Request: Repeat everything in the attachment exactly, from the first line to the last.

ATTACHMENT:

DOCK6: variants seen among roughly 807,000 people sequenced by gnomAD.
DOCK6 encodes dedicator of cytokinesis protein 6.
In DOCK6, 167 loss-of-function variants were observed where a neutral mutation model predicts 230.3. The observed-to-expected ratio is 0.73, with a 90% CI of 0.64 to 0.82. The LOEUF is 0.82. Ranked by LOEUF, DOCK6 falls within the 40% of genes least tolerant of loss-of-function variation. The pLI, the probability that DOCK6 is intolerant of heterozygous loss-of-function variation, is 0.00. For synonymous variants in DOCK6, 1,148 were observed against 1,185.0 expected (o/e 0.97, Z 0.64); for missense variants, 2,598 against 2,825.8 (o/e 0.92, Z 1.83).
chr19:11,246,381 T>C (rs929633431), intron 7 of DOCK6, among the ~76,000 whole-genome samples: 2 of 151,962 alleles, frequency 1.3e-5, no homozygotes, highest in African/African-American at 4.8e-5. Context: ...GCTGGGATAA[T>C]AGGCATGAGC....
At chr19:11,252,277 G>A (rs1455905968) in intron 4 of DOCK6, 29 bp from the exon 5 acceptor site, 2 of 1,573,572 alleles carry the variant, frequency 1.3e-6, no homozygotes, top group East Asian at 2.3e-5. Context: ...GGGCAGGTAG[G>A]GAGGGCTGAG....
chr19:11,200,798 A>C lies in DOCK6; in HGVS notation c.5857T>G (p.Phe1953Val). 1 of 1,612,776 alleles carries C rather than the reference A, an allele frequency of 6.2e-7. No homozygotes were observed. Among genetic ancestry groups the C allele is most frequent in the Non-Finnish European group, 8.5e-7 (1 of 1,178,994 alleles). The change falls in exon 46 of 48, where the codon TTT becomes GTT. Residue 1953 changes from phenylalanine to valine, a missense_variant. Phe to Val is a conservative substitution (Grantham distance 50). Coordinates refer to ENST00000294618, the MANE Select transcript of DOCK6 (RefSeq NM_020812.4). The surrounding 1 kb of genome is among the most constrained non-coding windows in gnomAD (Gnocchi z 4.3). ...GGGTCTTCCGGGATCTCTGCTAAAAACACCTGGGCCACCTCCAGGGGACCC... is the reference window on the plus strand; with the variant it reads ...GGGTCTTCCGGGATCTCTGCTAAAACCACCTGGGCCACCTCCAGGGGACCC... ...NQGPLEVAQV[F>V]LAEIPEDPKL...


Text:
DOCK6: variants seen among roughly 807,000 people sequenced by gnomAD.
DOCK6 encodes dedicator of cytokinesis protein 6.
In DOCK6, 167 loss-of-function variants were observed where a neutral mutation model predicts 230.3. The observed-to-expected ratio is 0.73, with a 90% CI of 0.64 to 0.82. The LOEUF is 0.82. Ranked by LOEUF, DOCK6 falls within the 40% of genes least tolerant of loss-of-function variation. The pLI, the probability that DOCK6 is intolerant of heterozygous loss-of-function variation, is 0.00. For synonymous variants in DOCK6, 1,148 were observed against 1,185.0 expected (o/e 0.97, Z 0.64); for missense variants, 2,598 against 2,825.8 (o/e 0.92, Z 1.83).
chr19:11,246,381 T>C (rs929633431), intron 7 of DOCK6, among the ~76,000 whole-genome samples: 2 of 151,962 alleles, frequency 1.3e-5, no homozygotes, highest in African/African-American at 4.8e-5. Context: ...GCTGGGATAA[T>C]AGGCATGAGC....
At chr19:11,252,277 G>A (rs1455905968) in intron 4 of DOCK6, 29 bp from the exon 5 acceptor site, 2 of 1,573,572 alleles carry the variant, frequency 1.3e-6, no homozygotes, top group East Asian at 2.3e-5. Context: ...GGGCAGGTAG[G>A]GAGGGCTGAG....
chr19:11,200,798 A>C lies in DOCK6; in HGVS notation c.5857T>G (p.Phe1953Val). 1 of 1,612,776 alleles carries C rather than the reference A, an allele frequency of 6.2e-7. No homozygotes were observed. Among genetic ancestry groups the C allele is most frequent in the Non-Finnish European group, 8.5e-7 (1 of 1,178,994 alleles). The change falls in exon 46 of 48, where the codon TTT becomes GTT. Residue 1953 changes from phenylalanine to valine, a missense_variant. Phe to Val is a conservative substitution (Grantham distance 50). Coordinates refer to ENST00000294618, the MANE Select transcript of DOCK6 (RefSeq NM_020812.4). The surrounding 1 kb of genome is among the most constrained non-coding windows in gnomAD (Gnocchi z 4.3). ...GGGTCTTCCGGGATCTCTGCTAAAAACACCTGGGCCACCTCCAGGGGACCC... is the reference window on the plus strand; with the variant it reads ...GGGTCTTCCGGGATCTCTGCTAAAACCACCTGGGCCACCTCCAGGGGACCC... ...NQGPLEVAQV[F>V]LAEIPEDPKL...